Check out: http://www.themotorreport.com.au/166...s-the-inverter as an example of how this can be done - all plans are downloadable. Not a cheap car to build as too many custom parts for my liking but then again i operate in the extremely low end of the car building $ scale.

    I did a uni project which involved an electric F-SAE car, a number of years back now but range/performance/$ did not come easily even for our modest targets.

    Cheers,
    Taffy
    Hi
    Thanks for the tips.
    I have found a race car builder who wants me to help him with designing a new external skin for some of his single seater cars and he will help me build the chassis. I will have to pay for just the materials. So I am going to build it like the BAC Mono. From what I have been reading so far, I think its the best. So I guess using the expertise of a race car builder, I will get better quality.
    I would like to know if covering or gluing/riveting Carbon fibre sheets on the outer part of the chassis will benefit in adding rigidity. I plan to use 1mm thick carbon fibre sheets.
    The other method I would like to consider is the one you suggested, Adding Aluminum sheets by gluing and riveting. What I am not so well informed is the kind of aluminum sheets I must buy. And how thick It has to be. Sorry If I sound a bit dumb, I am just completely new to this.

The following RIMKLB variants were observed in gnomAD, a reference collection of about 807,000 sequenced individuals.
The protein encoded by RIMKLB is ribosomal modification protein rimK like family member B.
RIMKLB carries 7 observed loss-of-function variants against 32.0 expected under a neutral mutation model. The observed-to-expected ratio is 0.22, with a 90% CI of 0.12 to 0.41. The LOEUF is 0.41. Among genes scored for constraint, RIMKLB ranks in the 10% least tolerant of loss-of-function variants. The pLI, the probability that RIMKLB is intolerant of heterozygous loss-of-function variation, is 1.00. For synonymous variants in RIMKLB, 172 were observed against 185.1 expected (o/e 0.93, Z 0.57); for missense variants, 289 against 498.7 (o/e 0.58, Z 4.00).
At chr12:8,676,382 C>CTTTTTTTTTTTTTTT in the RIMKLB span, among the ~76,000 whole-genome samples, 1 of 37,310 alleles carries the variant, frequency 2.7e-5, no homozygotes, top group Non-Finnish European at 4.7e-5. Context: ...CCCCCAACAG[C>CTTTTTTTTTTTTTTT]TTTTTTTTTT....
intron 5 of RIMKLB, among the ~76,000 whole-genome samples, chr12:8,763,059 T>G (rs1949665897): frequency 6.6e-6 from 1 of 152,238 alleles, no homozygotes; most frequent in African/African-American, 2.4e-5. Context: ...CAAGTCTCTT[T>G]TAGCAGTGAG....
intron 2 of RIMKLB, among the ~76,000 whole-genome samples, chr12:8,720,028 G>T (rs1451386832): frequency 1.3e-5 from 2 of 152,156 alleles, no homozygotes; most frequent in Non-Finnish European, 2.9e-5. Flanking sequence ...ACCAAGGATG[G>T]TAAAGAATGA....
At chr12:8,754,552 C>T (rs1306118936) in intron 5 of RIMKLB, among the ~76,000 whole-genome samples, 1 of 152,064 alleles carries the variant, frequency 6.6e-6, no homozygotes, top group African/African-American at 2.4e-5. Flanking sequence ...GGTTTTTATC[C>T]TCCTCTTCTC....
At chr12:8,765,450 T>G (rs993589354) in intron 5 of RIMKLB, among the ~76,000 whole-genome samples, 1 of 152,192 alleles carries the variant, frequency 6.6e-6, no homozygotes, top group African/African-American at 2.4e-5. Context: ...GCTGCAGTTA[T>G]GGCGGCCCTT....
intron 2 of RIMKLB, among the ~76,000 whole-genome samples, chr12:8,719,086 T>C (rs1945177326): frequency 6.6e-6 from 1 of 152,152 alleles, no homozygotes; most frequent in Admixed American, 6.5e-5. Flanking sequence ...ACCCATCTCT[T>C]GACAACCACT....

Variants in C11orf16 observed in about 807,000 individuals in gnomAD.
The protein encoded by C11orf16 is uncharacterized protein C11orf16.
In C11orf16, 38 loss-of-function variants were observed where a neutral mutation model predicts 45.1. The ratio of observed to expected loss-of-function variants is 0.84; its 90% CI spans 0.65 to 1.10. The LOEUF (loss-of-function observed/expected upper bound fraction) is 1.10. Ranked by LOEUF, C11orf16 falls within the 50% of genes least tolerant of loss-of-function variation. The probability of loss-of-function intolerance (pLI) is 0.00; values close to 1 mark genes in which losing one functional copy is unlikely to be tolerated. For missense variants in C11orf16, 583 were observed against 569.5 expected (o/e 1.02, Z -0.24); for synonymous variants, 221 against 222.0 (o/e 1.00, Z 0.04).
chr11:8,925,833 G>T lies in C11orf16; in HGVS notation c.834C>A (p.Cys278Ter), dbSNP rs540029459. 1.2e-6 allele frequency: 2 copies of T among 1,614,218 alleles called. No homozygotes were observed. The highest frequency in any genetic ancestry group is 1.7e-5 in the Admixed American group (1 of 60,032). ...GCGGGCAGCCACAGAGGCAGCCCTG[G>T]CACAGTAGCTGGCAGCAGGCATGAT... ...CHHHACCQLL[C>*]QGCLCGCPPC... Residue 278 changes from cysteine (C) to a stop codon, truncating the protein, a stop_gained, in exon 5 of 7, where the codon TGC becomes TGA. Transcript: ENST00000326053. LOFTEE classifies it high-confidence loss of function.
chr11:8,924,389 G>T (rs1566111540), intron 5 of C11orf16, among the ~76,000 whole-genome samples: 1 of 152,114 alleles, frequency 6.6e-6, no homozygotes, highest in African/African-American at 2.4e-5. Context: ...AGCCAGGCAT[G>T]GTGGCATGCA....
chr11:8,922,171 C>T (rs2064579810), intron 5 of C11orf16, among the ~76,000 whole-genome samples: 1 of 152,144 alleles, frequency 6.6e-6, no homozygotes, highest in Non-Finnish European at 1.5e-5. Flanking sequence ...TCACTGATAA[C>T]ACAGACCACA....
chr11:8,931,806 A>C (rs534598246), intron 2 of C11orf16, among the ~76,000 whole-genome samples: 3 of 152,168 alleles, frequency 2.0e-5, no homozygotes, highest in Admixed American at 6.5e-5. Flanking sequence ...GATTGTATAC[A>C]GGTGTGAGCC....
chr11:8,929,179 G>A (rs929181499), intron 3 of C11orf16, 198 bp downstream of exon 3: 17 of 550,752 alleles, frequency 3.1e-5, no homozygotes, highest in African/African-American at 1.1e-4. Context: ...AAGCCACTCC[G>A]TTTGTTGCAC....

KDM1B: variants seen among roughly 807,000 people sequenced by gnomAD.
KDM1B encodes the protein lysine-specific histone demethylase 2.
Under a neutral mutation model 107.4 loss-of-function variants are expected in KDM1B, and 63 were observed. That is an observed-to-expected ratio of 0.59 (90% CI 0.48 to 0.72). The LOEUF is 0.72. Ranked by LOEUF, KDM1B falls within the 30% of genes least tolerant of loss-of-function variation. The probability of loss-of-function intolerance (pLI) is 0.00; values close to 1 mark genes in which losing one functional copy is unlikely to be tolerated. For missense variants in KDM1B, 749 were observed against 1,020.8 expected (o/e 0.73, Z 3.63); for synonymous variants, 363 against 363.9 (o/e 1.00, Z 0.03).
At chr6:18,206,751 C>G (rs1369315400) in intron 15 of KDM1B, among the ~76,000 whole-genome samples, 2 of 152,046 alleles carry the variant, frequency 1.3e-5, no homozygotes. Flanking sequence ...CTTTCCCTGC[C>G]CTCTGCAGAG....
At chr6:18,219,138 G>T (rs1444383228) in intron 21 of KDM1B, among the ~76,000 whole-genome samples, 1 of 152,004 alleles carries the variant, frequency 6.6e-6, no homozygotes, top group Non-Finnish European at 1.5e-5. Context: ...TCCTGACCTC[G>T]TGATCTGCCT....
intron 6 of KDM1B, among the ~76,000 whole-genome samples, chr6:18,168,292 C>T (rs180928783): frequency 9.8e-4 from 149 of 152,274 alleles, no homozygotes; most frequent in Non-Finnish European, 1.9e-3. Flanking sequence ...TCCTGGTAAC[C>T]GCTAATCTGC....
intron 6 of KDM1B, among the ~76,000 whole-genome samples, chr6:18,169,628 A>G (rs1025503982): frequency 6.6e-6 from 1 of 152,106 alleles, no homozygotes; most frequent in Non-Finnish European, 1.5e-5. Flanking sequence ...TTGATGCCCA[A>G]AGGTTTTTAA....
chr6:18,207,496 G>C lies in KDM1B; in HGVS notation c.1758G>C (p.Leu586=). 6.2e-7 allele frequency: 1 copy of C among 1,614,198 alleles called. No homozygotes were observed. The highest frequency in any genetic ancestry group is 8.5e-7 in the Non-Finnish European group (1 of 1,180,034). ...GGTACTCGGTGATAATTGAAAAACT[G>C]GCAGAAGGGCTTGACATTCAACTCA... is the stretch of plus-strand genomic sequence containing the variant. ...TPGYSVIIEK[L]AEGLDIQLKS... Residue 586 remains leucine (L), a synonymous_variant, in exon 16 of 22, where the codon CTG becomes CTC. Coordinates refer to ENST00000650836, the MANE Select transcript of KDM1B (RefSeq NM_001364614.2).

I checked out the link you have posted, could you please tell me where can I download the plans? I would love to check it out. May be in a month or two I will build the chassis on solid works and upload it here.
    Thanks for the tips again.

  7. #7
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    Getting a professional to help is a good idea, designing a chassis should be done suspension first and then working back to making a frame to join the points in space.
    The Inveter files can be downloaded from here: https://grabcad.com/library/andre-ca...rtscar-1/files

    You need to get some books to read on the subject of chassis design, i have only worked with Carbon in some basic none long term applications and not in a position to advise you bonding that to a frame.
    The list here has as good as place to start as any: http://www.buildyourownracecar.com/r...neering-books/
    Chassis Engineering by Herb Adams is as a must have in my opinion and one i reference a lot.